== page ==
VANCOUVER (NEWS 1130) – Despite high daily COVID-19 case counts, many people continue to travel around B.C. That travel may not be essential, and two mayors think the province should put in tougher rules to stop people from doing this.
“Short-term pain is better for long-term gain, so it might help the situation if they decided to do that,” said Penticton Mayor John Vassilaki.
He says although it’s not as busy with tourists as it’s been in previous years, people are still coming in. He wouldn’t mind stricter travel regulations in the spring, so as to not to lose their summer.
“Those are the months that our businesses, not only in Penticton but right across the country, that’s when they actually have enough revenue to put aside in order to carry them through the winter,” he explained.
Tofino Mayor Dan Law is concerned about people ignoring travel recommendations, but admits stricter orders may be difficult to enforce.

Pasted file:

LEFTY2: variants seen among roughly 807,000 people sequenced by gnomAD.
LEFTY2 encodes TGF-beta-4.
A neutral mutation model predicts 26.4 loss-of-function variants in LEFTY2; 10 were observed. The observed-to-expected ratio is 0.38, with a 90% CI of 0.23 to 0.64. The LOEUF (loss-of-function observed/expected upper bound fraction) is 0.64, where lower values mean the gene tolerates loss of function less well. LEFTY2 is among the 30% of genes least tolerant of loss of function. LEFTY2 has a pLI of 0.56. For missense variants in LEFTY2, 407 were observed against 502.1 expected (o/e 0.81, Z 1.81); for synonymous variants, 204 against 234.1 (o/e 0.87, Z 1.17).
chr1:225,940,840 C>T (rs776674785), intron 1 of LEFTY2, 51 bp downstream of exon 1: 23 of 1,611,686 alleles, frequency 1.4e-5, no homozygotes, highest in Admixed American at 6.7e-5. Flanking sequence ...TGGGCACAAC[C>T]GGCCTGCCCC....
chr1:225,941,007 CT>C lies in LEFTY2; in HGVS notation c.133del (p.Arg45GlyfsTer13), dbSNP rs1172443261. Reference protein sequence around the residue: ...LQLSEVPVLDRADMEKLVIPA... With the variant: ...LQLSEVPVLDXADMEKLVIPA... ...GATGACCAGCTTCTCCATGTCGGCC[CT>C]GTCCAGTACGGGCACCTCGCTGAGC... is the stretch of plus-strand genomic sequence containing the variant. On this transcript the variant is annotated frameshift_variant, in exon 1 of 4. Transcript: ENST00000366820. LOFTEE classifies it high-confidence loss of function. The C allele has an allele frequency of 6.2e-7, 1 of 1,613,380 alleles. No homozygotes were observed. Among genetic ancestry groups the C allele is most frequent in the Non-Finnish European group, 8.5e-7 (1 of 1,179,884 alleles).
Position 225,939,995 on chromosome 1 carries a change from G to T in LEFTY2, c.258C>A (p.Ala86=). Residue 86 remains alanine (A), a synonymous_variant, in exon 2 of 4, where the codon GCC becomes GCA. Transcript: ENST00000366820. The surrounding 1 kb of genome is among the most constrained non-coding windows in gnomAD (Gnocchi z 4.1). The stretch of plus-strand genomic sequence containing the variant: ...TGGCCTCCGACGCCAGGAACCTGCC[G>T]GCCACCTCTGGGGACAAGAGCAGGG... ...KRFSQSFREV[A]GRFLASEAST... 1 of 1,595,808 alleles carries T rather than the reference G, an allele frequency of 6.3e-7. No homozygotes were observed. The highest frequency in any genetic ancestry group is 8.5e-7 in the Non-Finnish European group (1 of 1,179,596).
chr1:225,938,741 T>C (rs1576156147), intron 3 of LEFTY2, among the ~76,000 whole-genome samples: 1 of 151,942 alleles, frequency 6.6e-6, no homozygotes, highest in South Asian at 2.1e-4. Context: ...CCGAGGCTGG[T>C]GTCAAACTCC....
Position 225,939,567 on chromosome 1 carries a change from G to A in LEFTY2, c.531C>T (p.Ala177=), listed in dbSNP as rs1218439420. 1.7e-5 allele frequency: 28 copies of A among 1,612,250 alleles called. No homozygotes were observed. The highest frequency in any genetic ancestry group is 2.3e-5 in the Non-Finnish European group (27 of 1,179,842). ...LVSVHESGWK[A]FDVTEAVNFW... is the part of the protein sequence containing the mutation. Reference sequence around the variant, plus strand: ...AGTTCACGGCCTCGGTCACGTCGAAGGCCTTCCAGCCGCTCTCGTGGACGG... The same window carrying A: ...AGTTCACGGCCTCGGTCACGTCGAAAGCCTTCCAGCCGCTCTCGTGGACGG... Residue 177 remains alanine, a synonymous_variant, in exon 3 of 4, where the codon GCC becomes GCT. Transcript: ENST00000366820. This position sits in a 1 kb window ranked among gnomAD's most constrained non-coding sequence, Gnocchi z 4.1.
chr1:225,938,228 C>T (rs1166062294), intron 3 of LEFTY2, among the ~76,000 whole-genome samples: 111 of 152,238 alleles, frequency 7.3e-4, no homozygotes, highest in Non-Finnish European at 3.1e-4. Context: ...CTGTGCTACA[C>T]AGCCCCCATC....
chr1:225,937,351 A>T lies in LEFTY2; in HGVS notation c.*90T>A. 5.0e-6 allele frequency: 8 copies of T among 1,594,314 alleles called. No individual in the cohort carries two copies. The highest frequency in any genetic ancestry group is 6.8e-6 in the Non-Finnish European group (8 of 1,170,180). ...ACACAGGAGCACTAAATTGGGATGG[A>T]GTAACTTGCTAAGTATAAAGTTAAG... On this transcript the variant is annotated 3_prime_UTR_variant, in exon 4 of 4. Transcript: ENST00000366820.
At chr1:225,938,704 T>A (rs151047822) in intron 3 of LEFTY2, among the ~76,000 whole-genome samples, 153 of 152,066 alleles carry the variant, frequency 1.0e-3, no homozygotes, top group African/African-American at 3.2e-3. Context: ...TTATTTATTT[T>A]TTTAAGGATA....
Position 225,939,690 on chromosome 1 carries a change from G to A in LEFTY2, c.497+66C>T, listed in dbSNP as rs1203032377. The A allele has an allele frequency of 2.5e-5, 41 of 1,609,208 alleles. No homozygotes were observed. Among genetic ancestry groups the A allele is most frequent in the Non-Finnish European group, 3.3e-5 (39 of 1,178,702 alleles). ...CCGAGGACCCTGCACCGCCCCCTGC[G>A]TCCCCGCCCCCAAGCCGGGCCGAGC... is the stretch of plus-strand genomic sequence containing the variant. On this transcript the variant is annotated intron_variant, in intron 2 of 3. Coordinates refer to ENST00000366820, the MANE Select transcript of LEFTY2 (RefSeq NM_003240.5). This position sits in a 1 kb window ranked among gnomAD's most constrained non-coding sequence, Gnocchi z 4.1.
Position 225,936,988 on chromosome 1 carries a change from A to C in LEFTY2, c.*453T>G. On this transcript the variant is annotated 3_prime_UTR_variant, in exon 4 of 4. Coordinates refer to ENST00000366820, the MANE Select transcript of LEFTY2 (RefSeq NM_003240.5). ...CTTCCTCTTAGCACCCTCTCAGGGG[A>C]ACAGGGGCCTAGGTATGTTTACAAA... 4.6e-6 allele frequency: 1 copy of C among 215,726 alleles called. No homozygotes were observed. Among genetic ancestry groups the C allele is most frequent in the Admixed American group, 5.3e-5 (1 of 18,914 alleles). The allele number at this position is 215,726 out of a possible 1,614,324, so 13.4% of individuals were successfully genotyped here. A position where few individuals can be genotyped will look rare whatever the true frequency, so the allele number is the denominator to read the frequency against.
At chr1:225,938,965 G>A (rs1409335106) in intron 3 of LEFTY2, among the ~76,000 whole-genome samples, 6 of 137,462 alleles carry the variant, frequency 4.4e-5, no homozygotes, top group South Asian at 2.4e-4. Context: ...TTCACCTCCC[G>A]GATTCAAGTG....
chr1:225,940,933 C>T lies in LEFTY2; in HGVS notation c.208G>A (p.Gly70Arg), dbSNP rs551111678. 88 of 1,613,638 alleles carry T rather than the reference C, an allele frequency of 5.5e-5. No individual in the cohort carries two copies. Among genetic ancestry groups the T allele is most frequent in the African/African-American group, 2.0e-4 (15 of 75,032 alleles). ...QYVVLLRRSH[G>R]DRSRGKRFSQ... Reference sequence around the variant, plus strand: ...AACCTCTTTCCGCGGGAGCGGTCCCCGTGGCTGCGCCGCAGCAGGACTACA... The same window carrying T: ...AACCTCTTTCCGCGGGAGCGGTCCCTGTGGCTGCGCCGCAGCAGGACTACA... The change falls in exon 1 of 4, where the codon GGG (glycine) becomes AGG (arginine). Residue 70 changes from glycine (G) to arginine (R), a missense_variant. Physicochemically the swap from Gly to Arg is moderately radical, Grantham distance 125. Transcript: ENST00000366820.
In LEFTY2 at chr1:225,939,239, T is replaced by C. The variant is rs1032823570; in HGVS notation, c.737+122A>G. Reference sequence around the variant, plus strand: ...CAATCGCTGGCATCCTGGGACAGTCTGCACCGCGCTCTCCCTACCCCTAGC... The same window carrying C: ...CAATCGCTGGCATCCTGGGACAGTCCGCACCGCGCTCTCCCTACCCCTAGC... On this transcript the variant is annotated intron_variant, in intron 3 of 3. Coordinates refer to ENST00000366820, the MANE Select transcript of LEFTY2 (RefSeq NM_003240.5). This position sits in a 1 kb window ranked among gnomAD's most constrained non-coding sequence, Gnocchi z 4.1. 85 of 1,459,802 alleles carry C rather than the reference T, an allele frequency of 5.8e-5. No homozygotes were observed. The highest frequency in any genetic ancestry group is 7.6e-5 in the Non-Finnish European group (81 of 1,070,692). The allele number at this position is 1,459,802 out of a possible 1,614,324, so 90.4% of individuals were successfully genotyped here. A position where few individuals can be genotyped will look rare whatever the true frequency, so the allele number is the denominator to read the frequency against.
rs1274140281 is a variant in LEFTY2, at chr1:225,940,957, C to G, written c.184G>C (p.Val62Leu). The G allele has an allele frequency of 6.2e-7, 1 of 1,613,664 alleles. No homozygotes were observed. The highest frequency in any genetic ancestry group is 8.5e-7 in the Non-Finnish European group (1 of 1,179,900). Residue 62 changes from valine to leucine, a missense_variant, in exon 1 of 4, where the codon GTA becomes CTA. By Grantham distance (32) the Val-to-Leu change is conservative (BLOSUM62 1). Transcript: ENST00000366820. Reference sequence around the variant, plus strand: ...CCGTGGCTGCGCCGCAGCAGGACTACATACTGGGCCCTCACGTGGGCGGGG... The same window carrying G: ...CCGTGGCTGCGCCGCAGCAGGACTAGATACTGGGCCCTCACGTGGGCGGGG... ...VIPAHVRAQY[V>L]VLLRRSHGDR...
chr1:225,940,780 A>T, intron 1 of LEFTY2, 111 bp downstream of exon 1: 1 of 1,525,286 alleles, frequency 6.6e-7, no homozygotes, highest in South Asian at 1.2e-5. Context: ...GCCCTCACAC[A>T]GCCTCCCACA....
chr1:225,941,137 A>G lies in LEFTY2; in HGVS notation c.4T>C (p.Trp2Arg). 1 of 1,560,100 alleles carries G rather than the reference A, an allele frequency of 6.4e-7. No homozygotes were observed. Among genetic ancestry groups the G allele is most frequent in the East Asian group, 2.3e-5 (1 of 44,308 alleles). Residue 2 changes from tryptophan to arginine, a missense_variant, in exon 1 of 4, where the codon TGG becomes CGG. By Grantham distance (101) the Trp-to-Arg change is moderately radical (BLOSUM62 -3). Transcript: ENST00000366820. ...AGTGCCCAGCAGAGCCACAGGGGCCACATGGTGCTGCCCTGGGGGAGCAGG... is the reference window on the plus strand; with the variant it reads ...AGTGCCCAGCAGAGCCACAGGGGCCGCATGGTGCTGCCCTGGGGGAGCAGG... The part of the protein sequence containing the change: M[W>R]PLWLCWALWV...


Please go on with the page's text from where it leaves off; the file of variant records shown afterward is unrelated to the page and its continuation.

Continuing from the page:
“It’s one thing to enforce restaurants that refuse to close their indoor dining. It’s another thing to somehow enforce travel across B.C.,” he said.
Law thinks the province should also look at BC Ferries.
“It’s one thing to recommend people avoid non-essential travel, and then at the same time add ferry sailings to the long weekend,” he said.
However, the province has no plans to crackdown on unnecessary travel.
“I just can’t be more clear on this. If you don’t need to travel, don’t travel right now. If you don’t need to travel, don’t travel,” Adrian Dix said Monday, repeating a plea health officials have made throughout the pandemic.
“You can’t force them not to move around, that’s a very difficult thing to do. We don’t live in that kind of state in British Columbia. We can’t have armies of people enforcing those rules that we’re asking people are saying it’s the guidance is for their own safety and the safety of others.”
In January, Premier John Horgan sought a review of legal options in light of concerns being raised that travel was contributing to a spike in COVID-19 cases.
“The review of our legal options made it clear we can’t prevent people from travelling to British Columbia. We can impose restrictions on people travelling for non-essential purposes if they are causing harm to the health and safety of British Columbians,” he said in a statement.
-With files from Kier Junos, Jonathan Szekeres, and Lisa Steacy